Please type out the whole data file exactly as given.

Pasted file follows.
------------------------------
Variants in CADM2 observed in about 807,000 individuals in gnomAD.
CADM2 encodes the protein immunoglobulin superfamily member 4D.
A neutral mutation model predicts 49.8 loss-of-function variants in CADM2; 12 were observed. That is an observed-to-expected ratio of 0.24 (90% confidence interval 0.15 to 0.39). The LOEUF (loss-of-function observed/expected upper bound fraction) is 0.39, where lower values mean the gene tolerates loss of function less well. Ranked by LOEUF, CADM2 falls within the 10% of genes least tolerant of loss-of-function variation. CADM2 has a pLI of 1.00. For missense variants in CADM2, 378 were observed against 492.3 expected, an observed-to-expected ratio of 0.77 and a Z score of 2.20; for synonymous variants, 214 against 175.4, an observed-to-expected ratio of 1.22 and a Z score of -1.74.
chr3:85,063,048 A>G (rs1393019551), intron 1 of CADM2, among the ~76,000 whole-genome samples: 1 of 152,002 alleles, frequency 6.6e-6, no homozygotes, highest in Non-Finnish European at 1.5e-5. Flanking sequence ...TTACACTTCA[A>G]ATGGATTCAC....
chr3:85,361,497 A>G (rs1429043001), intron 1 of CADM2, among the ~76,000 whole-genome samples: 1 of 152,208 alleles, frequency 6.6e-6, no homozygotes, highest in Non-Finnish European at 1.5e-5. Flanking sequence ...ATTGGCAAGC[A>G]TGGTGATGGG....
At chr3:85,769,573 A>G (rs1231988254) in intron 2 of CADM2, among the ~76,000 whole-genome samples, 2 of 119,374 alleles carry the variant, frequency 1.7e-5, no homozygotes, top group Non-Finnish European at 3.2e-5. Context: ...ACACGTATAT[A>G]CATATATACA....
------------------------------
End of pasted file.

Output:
Variants in CADM2 observed in about 807,000 individuals in gnomAD.
CADM2 encodes the protein immunoglobulin superfamily member 4D.
A neutral mutation model predicts 49.8 loss-of-function variants in CADM2; 12 were observed. That is an observed-to-expected ratio of 0.24 (90% confidence interval 0.15 to 0.39). The LOEUF (loss-of-function observed/expected upper bound fraction) is 0.39, where lower values mean the gene tolerates loss of function less well. Ranked by LOEUF, CADM2 falls within the 10% of genes least tolerant of loss-of-function variation. CADM2 has a pLI of 1.00. For missense variants in CADM2, 378 were observed against 492.3 expected, an observed-to-expected ratio of 0.77 and a Z score of 2.20; for synonymous variants, 214 against 175.4, an observed-to-expected ratio of 1.22 and a Z score of -1.74.
chr3:85,063,048 A>G (rs1393019551), intron 1 of CADM2, among the ~76,000 whole-genome samples: 1 of 152,002 alleles, frequency 6.6e-6, no homozygotes, highest in Non-Finnish European at 1.5e-5. Flanking sequence ...TTACACTTCA[A>G]ATGGATTCAC....
chr3:85,361,497 A>G (rs1429043001), intron 1 of CADM2, among the ~76,000 whole-genome samples: 1 of 152,208 alleles, frequency 6.6e-6, no homozygotes, highest in Non-Finnish European at 1.5e-5. Flanking sequence ...ATTGGCAAGC[A>G]TGGTGATGGG....
At chr3:85,769,573 A>G (rs1231988254) in intron 2 of CADM2, among the ~76,000 whole-genome samples, 2 of 119,374 alleles carry the variant, frequency 1.7e-5, no homozygotes, top group Non-Finnish European at 3.2e-5. Context: ...ACACGTATAT[A>G]CATATATACA....